DIC confirms Liverpool negotiations
Tuesday, 4 March 2008 09:17
DIC chief executive Sameer al-Ansari, a lifelong Reds fan, revealed investment talks had been ongoing but were being held up by the valuation of the club by one of Hicks or Gillett.
‘It’s no secret that we have been in discussions with the current owners,’ al-Ansari told Sky Sports.
‘It’s not easy because the owners are in dreamland about valuations at the moment.’
Al-Ansari later clarified that one of the club’s owners ‘had come out of dreamland’, without giving further details.
Only last week, Texan billionaire Hicks insisted he was not planning to sell his stake in the club, denying reports he had invited DIC to inspect the club’s accounts in preparation for a takeover.
Frustrated by Hicks’ stance, DIC turned their attention to Gillett, who is thought to be much keener on a sale than his partner.
However, neither of the co-owners is able to cut and run without the other’s consent, a point Hicks was at pains to make last week when he told the Fort Worth Star-Telegram: ‘Not only am I not going to sell, my partner cannot sell without my approval.’
Also, DIC are thought to want a controlling stake at Anfield, meaning they would need to convince Hicks to relinquish part of his 50% of the club as well as buying out Gillett.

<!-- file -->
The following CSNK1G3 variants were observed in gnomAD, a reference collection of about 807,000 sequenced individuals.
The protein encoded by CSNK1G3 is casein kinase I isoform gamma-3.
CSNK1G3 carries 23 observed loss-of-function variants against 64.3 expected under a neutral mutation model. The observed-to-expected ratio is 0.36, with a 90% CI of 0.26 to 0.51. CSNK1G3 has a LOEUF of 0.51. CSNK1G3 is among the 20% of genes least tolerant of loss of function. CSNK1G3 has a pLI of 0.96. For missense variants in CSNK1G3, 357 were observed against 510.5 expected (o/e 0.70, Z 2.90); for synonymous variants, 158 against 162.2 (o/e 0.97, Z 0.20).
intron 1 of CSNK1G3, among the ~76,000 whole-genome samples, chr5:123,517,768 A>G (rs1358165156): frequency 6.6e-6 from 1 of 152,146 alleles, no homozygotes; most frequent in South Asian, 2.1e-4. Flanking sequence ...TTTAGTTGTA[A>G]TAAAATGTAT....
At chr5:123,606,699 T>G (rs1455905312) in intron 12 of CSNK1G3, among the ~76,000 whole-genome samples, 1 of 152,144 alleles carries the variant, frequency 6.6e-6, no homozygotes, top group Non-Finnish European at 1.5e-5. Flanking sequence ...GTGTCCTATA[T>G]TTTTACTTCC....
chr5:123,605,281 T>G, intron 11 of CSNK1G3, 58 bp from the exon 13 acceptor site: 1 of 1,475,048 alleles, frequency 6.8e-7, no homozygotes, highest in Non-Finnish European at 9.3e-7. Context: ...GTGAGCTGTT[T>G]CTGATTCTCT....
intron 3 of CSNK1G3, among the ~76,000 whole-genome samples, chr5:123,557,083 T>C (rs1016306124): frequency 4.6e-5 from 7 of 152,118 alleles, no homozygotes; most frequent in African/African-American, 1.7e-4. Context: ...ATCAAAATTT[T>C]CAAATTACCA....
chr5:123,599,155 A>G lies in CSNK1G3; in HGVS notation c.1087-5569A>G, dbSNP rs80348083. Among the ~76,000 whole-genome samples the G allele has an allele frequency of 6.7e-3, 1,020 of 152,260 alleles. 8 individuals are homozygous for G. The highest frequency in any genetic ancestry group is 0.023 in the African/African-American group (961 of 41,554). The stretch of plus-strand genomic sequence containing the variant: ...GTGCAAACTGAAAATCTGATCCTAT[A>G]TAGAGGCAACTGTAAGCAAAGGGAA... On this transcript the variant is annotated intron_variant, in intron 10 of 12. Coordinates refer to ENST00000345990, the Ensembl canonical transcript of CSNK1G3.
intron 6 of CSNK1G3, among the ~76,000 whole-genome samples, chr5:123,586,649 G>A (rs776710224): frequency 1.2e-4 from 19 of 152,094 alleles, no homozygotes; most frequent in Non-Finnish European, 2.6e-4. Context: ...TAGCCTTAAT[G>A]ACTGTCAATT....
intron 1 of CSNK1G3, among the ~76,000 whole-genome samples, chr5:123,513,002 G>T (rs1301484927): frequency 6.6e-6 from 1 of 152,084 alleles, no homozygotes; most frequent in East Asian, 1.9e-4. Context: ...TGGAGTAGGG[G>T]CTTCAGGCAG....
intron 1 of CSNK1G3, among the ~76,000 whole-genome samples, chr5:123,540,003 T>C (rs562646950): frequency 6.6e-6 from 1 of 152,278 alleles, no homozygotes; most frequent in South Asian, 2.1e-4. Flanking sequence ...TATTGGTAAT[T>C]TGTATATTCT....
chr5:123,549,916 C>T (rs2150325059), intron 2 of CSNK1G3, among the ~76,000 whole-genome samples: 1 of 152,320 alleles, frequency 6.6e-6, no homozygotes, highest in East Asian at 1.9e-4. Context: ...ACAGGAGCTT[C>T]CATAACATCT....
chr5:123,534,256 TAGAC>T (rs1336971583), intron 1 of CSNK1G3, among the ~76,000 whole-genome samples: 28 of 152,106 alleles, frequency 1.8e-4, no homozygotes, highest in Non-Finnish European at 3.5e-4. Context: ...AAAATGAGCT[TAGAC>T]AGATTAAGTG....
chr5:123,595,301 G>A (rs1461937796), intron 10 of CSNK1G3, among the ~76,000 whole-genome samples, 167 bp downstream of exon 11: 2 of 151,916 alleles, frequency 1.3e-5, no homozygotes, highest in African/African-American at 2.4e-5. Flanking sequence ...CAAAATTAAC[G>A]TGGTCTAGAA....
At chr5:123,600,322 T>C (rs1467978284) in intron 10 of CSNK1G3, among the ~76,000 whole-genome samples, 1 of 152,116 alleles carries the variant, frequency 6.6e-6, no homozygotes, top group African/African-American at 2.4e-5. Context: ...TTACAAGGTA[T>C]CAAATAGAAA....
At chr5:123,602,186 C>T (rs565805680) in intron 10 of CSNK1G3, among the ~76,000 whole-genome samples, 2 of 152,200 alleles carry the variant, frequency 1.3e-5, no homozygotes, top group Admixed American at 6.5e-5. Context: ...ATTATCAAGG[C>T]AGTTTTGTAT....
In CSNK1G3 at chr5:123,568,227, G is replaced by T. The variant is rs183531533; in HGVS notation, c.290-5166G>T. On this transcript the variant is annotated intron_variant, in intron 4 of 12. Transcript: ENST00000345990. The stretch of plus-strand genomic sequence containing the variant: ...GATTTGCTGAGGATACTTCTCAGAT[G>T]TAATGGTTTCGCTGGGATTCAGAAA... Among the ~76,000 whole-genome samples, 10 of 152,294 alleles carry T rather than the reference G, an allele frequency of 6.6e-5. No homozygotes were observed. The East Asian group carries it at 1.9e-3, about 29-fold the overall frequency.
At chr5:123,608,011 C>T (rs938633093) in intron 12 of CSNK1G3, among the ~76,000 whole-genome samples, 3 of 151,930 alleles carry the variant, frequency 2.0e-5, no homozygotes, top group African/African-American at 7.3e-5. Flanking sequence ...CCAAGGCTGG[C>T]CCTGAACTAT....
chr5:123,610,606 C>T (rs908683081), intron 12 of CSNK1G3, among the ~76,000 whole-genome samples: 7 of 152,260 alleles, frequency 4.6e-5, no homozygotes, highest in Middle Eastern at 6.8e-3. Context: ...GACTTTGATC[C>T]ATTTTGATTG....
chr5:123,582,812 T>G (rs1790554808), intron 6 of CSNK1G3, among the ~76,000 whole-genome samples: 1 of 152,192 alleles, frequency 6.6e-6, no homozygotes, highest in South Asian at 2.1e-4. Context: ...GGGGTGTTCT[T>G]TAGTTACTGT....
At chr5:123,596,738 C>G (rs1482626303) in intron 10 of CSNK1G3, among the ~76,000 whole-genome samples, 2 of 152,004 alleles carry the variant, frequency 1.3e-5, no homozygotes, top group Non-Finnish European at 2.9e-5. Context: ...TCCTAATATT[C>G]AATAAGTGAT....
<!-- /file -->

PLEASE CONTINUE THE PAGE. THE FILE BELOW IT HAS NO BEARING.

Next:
It appears clear the main problem preventing a takeover is the price DIC, the investment arm of the Maktoum royal family, are willing to pay.
It has been nowhere near the amount of money Hicks has been asking for – he would want to make a substantial sum out of selling the club.
‘Another hurdle to overcome is that the refinancing package announced on 25 January has loaded £105million of debt on to the club.
Of that, £60million is earmarked to kick-start the new stadium development plus £45million for future player transfers and to meet the club’s working capital needs.
The takeover talk is being driven by the refinancing deal, believed to only lasts for 18 months, and so Hicks and Gillett are soon going to have to start renegotiating the debts.
Furthermore, they are shortly going to have to go back to the banks to ask for a further £300million in loans to finance the rest of the new stadium at Stanley Park.
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